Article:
Consummate dilettantism!

Monday, March 30, 2009

"I Never Thought He Would Do Something Like That..."

You know how it works. Someone shoots up a school/classroom/office building for no apparent reason, and police interview people who knew the person. They usually give variations on "he was the sweetest guy; I never would have imagined he could do this". So it was a total shock to read this in an AP story about a man who murdered seven residents and a nurse at a nursing home today:
Griffin said Stewart had once been a painter. She said she had no idea whether her ex-husband was somehow connected to the nursing home or why he would shoot people there.

"He did have some violent tendencies from time to time," Griffin said. "I wouldn't put it past him. I hate to say it, but it is true."
You wouldn't put it past him to go into a place reserved for sick octogenarians and kill them all?! What kind of a man is this?!

Saturday, March 28, 2009


Listening to this is like listening to this.

"Umm, so, and I think, such as, because, but, umm..."

It's kind of like a bloody car accident. You know it's terrible, but you just can't stop watching.

Friday, March 13, 2009

The Pedagogical Purpose Of Text Memorization Finally Revealed!

In Chinese, we are given substantial passages of text to memorize each week. I always wondered what the purpose of this was. It seemed terribly silly, really; I did not understand how my Chinese could possibly improve by reading passages over and over again. Possibly, I thought, they were targeting pronunciation, and I still think that this is the primary purpose. But what a waste of time for just pronunciation, right? Well, I realized just now that there is another, much more important reason for them -- they give you prepared, rapidly usable phrases. Think about it: Generating sentences with grammatical structures you haven't used in a while is hard enough in English ("umm, umm, but, umm, like"), and so it's naturally even harder in a foreign language. Dialogues and narratives effectively serve contextualize words and grammar, such that if you're in a conversation and you need to use the word "progress," but forget how to say "progress very quickly," you're in luck; when you think of the word, your brain searches that memorized lexical database you've stored up and brings back phrases that contain the word. In other words, you don't have to think about how to say "progress very quickly," because you have a freeze-dried phrase that will do it for you.

Lexical Prolixity Is Asymptomatic Of Morphological Fusionality

Oh, hi. No, I don't have anything to say; I just thought that was a really smart-sounding title. (It's not a meaningless one, though. I doubt it's true -- in fact, even if the two are somehow correlated, the link is probably not causal. But I had better stop or risk exploring a question I posed without realizing it. Funny how that works.)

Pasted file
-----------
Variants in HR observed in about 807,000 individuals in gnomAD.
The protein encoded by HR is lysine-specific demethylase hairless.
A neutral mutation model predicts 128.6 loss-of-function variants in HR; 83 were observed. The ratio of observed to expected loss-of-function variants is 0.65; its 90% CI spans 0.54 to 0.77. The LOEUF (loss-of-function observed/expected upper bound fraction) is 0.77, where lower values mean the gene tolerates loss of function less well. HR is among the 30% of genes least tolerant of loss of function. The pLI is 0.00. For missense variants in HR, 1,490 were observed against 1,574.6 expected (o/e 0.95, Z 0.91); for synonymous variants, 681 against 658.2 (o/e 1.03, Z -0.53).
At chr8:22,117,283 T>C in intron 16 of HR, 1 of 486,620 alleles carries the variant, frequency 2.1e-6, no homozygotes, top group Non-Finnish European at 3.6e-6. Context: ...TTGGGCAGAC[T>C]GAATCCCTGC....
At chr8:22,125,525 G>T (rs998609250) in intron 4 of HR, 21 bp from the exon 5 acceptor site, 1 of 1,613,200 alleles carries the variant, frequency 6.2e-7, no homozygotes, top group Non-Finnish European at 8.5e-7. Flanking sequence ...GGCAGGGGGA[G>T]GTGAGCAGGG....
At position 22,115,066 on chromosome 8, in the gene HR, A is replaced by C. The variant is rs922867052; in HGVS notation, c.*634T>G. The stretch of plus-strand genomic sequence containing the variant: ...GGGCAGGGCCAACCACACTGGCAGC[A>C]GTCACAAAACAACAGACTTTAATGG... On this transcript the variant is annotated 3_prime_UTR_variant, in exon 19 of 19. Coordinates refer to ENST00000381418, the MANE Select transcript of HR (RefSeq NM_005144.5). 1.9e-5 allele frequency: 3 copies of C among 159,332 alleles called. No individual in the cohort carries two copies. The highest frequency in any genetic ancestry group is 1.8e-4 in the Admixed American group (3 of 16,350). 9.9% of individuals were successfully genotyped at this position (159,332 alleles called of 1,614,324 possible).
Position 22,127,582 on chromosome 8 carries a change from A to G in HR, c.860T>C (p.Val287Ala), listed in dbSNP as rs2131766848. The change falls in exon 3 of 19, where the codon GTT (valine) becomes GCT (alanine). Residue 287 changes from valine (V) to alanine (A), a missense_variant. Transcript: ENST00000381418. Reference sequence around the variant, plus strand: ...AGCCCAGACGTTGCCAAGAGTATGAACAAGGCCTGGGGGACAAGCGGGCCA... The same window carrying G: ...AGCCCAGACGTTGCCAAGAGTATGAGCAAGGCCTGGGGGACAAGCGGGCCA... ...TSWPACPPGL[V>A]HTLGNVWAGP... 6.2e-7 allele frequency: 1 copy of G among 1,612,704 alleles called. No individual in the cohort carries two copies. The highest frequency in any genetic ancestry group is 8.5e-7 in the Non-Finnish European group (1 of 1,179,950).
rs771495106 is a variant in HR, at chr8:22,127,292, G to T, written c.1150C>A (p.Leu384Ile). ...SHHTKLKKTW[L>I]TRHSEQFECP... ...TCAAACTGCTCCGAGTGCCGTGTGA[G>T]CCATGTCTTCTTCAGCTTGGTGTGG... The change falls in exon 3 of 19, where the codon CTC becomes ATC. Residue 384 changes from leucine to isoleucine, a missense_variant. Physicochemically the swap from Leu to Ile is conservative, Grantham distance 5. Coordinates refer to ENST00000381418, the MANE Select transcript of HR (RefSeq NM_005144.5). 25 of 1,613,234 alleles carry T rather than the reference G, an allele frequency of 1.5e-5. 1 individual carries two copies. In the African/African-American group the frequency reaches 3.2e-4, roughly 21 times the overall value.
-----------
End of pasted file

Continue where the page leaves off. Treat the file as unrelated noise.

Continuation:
Monday, March 9, 2009

Mensa? Pshaw.

Mensa? LOL. 1 person in 50 qualifies. That's easy pickings: There are six million people in this country alone who can join. But you still think you're smart, eh? Try qualifying for Mega Society membership, for which only being in the 99.9999th IQ percentile suffices. That's one in a million.

Take it with a grain of salt, especially when their fancy schmancy journal includes garbage like this. Also see this partial refutation. This too (third item down). Oh, and this (scroll down).

Sunday, March 1, 2009

My Moral Realism Is As Justifiable As Your Morally Skeptical Morals

Moral skeptics (those who question the existence of moral truth) have it easy. Obviously there's no such thing as morality; prove it exists, they argue. The Stanford Encyclopedia of Philosophy says:
Opponents often accuse moral skepticism of leading to immorality. However, skeptics about justified moral belief can act well and be nice people. They need not be any less motivated to be moral, nor need they have (or believe in) any less reason to be moral than non-skeptics have (or believe in). Moral skeptics can hold substantive moral beliefs just as strongly as non-skeptics. [...] All that moral skeptics deny is that their (or anyone's) moral beliefs are justified. This meta-ethical position about the epistemic status of moral beliefs need not trickle down and infect anyone's substantive moral beliefs or actions.
Moral skeptics must claim to be following moral principles that they cannot justify, or risk being unable to argue against torturing babies for sexual pleasure. But how can they follow unjustifiable moral principles? Is this not as absurd as being a moral realist, ostensibly an equally unjustifiable position? Occam's razor, my friend.

(I do believe that "morality" exists, but I just thought I'd take a little wind out of the skeptics' sails.)